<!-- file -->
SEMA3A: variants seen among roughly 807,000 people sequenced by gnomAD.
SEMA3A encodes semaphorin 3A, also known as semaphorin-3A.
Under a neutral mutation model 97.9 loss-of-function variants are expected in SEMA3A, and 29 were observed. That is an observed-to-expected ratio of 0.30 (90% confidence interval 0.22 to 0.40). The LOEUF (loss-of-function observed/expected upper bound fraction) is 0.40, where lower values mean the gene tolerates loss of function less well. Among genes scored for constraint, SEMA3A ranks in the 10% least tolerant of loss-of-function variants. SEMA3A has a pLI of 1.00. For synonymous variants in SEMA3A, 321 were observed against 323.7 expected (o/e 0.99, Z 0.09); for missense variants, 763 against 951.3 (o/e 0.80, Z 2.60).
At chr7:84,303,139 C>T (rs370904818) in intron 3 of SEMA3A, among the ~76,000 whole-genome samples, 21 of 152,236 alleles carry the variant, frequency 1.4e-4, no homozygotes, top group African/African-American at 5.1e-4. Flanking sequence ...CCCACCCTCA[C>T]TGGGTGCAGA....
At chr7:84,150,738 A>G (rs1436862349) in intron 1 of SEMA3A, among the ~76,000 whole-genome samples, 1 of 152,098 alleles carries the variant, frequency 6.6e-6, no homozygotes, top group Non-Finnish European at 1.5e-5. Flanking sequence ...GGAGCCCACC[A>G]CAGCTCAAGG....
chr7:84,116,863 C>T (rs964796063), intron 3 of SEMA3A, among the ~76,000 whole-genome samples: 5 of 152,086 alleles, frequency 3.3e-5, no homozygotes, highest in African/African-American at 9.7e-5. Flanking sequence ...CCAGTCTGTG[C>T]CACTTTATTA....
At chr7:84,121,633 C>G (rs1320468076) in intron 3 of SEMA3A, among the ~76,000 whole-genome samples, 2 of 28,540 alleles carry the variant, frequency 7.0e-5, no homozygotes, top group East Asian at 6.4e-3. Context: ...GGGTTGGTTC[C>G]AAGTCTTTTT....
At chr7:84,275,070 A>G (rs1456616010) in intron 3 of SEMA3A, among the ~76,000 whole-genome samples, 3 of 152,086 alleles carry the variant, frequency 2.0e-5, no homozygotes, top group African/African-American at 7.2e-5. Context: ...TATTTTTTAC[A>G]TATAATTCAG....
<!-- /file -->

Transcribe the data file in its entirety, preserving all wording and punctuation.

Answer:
SEMA3A: variants seen among roughly 807,000 people sequenced by gnomAD.
SEMA3A encodes semaphorin 3A, also known as semaphorin-3A.
Under a neutral mutation model 97.9 loss-of-function variants are expected in SEMA3A, and 29 were observed. That is an observed-to-expected ratio of 0.30 (90% confidence interval 0.22 to 0.40). The LOEUF (loss-of-function observed/expected upper bound fraction) is 0.40, where lower values mean the gene tolerates loss of function less well. Among genes scored for constraint, SEMA3A ranks in the 10% least tolerant of loss-of-function variants. SEMA3A has a pLI of 1.00. For synonymous variants in SEMA3A, 321 were observed against 323.7 expected (o/e 0.99, Z 0.09); for missense variants, 763 against 951.3 (o/e 0.80, Z 2.60).
At chr7:84,303,139 C>T (rs370904818) in intron 3 of SEMA3A, among the ~76,000 whole-genome samples, 21 of 152,236 alleles carry the variant, frequency 1.4e-4, no homozygotes, top group African/African-American at 5.1e-4. Flanking sequence ...CCCACCCTCA[C>T]TGGGTGCAGA....
At chr7:84,150,738 A>G (rs1436862349) in intron 1 of SEMA3A, among the ~76,000 whole-genome samples, 1 of 152,098 alleles carries the variant, frequency 6.6e-6, no homozygotes, top group Non-Finnish European at 1.5e-5. Flanking sequence ...GGAGCCCACC[A>G]CAGCTCAAGG....
chr7:84,116,863 C>T (rs964796063), intron 3 of SEMA3A, among the ~76,000 whole-genome samples: 5 of 152,086 alleles, frequency 3.3e-5, no homozygotes, highest in African/African-American at 9.7e-5. Flanking sequence ...CCAGTCTGTG[C>T]CACTTTATTA....
At chr7:84,121,633 C>G (rs1320468076) in intron 3 of SEMA3A, among the ~76,000 whole-genome samples, 2 of 28,540 alleles carry the variant, frequency 7.0e-5, no homozygotes, top group East Asian at 6.4e-3. Context: ...GGGTTGGTTC[C>G]AAGTCTTTTT....
At chr7:84,275,070 A>G (rs1456616010) in intron 3 of SEMA3A, among the ~76,000 whole-genome samples, 3 of 152,086 alleles carry the variant, frequency 2.0e-5, no homozygotes, top group African/African-American at 7.2e-5. Context: ...TATTTTTTAC[A>G]TATAATTCAG....